Chris Massey, Product Manager at ESP, discusses the latest legislation affecting the ﬁre and security sector and the implications for electrical installers.
From 1st January 2014 any Visible Alarm Device (VAD) newly installed and used as the primary means of warning as part of ﬁre alarm system, must under the Construction Product Regulation (CPR), conform toEN54-23. The standard dictates that all beacons manufactured for ﬁre alarm use and sold for ﬁre alarm applications in the EU after this date must be CE-certiﬁed using the new standard.
The key driver behind the introduction of the requirements is the Equalities Act. The product standard is designed to ensure that, as far as is practical, the ﬁre system will generate an effective warning for all occupants of a building, particularly people with hearing difficulties, in the event of a ﬁre.
VADs had been used for this purpose for many years. Up until May 2010, there was no ﬁre industry standard that determined the light output performance criteria and installation requirements of VADs. This lead to inconsistency and confusion among manufacturers when specifying the performance of products.
BS EN 54-23 stipulates the requirements, test methods and performance criteria for VADs in ﬁre detection and ﬁre alarm systems. In order to comply, manufacturers now need to present their products’ performance data in a uniform manner so that they can be directly compared and their suitability assessed for particular applications.
“EN54-23 gives an independent assessment of a beacon’s performance in the same way that EN53-3 does for sounders. With this standard, systems designers, risk assessors and installers can assess what the requirement of a beacon must be in order to deal with a particular application and then have confidence in choosing the right device for the job.”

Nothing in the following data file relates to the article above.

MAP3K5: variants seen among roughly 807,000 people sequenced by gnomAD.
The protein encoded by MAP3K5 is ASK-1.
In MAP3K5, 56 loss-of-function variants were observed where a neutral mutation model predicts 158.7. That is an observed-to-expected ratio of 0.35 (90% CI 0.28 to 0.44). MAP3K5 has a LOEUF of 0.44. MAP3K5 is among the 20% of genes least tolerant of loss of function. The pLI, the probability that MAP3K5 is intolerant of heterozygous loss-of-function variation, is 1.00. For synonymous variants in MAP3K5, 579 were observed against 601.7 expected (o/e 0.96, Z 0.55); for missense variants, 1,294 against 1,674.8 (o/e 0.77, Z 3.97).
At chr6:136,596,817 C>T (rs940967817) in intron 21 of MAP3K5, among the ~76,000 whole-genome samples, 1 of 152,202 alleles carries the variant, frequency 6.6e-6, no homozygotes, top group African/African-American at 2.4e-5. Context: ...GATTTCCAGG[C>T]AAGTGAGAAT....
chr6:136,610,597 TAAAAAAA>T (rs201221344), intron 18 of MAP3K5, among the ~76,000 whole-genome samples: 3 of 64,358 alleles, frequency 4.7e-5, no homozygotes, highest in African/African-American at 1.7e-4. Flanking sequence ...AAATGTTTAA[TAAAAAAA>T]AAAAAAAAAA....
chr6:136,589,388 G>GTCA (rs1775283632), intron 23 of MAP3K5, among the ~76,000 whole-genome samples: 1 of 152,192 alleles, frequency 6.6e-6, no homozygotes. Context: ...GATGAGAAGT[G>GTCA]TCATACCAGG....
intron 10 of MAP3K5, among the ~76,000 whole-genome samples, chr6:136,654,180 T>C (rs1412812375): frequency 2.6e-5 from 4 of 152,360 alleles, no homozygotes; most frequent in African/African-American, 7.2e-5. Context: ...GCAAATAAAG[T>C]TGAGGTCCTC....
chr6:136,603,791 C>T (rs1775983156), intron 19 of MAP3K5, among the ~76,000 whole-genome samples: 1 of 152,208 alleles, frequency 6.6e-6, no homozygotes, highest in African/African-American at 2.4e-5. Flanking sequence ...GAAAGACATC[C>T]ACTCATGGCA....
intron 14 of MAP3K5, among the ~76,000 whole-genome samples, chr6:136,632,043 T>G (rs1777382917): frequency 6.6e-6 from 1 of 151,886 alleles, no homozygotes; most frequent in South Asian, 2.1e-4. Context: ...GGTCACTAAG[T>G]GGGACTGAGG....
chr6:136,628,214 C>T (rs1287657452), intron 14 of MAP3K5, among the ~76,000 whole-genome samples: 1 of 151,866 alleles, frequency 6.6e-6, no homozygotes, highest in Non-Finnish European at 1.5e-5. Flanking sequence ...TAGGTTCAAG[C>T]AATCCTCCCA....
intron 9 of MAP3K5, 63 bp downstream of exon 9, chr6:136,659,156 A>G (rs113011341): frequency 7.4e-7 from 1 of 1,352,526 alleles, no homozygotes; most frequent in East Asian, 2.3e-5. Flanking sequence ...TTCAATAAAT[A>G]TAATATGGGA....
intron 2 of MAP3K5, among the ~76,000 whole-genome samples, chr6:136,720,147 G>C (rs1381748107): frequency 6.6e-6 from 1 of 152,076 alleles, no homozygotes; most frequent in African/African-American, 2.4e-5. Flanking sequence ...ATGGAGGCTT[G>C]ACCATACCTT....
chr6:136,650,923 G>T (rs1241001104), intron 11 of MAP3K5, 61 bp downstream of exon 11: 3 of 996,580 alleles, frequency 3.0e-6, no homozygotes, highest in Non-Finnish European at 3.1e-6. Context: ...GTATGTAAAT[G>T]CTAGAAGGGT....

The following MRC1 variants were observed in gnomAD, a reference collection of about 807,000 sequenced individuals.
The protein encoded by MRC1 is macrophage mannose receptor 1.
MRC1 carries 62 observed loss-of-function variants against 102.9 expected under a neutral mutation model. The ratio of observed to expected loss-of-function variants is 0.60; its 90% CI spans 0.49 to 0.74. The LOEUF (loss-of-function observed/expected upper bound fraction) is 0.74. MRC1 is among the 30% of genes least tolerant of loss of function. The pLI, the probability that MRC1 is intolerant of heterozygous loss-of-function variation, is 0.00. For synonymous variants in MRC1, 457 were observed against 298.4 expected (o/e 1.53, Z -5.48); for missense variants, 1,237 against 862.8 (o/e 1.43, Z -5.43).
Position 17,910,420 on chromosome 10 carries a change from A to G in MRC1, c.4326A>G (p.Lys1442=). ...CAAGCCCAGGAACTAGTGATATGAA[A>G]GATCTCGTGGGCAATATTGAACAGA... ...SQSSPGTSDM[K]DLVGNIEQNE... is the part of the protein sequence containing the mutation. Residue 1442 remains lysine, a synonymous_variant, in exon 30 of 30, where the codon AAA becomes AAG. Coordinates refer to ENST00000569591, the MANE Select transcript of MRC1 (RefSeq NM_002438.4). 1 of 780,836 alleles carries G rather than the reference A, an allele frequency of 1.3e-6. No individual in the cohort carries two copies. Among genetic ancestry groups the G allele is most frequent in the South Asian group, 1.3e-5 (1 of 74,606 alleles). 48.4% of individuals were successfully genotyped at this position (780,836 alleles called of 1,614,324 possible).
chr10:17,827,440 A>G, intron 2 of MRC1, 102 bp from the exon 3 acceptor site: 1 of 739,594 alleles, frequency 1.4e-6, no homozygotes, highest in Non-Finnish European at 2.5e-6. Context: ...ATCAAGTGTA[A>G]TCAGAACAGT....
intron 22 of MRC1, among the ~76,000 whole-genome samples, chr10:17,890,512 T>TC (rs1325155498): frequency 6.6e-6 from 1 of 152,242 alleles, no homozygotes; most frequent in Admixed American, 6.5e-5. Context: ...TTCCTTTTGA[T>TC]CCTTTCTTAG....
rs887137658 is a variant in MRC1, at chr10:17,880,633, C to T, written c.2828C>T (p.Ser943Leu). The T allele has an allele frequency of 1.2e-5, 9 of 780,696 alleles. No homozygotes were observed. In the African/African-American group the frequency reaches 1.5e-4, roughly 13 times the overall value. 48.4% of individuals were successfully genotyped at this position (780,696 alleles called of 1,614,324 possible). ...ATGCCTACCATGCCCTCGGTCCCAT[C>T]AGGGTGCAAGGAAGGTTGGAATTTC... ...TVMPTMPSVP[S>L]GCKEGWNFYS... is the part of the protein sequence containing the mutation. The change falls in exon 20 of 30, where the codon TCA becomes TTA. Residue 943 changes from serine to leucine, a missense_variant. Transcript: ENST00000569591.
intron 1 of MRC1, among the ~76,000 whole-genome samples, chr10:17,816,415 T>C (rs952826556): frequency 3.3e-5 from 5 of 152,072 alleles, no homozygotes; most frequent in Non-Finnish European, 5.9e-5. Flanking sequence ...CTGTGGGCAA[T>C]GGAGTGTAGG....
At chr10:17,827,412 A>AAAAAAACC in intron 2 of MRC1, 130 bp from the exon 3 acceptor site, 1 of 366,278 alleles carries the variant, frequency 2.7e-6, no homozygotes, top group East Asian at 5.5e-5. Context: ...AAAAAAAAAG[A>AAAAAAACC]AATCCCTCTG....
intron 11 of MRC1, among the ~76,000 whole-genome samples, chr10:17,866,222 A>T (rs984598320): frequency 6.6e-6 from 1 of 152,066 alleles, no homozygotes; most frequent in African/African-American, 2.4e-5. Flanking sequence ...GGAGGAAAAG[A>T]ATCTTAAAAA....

EN54-23 gives an independent assessment of a beacon’s performance in the same way that EN53-3 does for sounders. With this standard, systems designers, risk assessors and installers can assess what the requirement of a beacon must be in order to deal with a particular application and then have confidence in choosing the right device for the job. For example, compliant beacons and sounder beacons are designed for areas where people with hearing difficulties may be alone, environments with high levels of ambient noise and areas with restricted access.
The development of EN54-23 required a fundamental change in visible alarm technology to ensure that the light output from warning beacons is sufficiently bright to attract attention. EN 54-23 allows for three product classiﬁcations: W (wall); C (ceiling); and O (open). The key performance indicators are that the output of the device must be greater than one candela (cd) and less than 500 cd; the ﬂash rate must be between 0.5 and 2.0Hz.
The critical requirement from a manufacturer’s point of view is that each model must be tested to demonstrate compliance with the standard’s requirements. For ceiling-mounted devices, the manufacturer must deﬁne the maximum height at which it can be installed, set by the standard 3, 6, or 9 metres. A wall-mounted device must be installed at a minimum of 2.4m from the ﬂoor in the same way a sounder is today. The coverage volume, deﬁned by the manufacturer, is that in which the output meets the minimum illumination requirement of 0.4 lumens/m2 (lux) on a perpendicular surface.
A further important consideration is that if the risk assessment does not specify a VAD for a particular area, it will still be acceptable to install a non-compliant beacon as a supplementary indicator to a sounder.
The introduction of EN 54-23 has led to growth in the use of VADs and an increase in the number of products coming to market. It is important that installers are working with reputable manufacturers to ensure the products they use are EN54-23 compliant.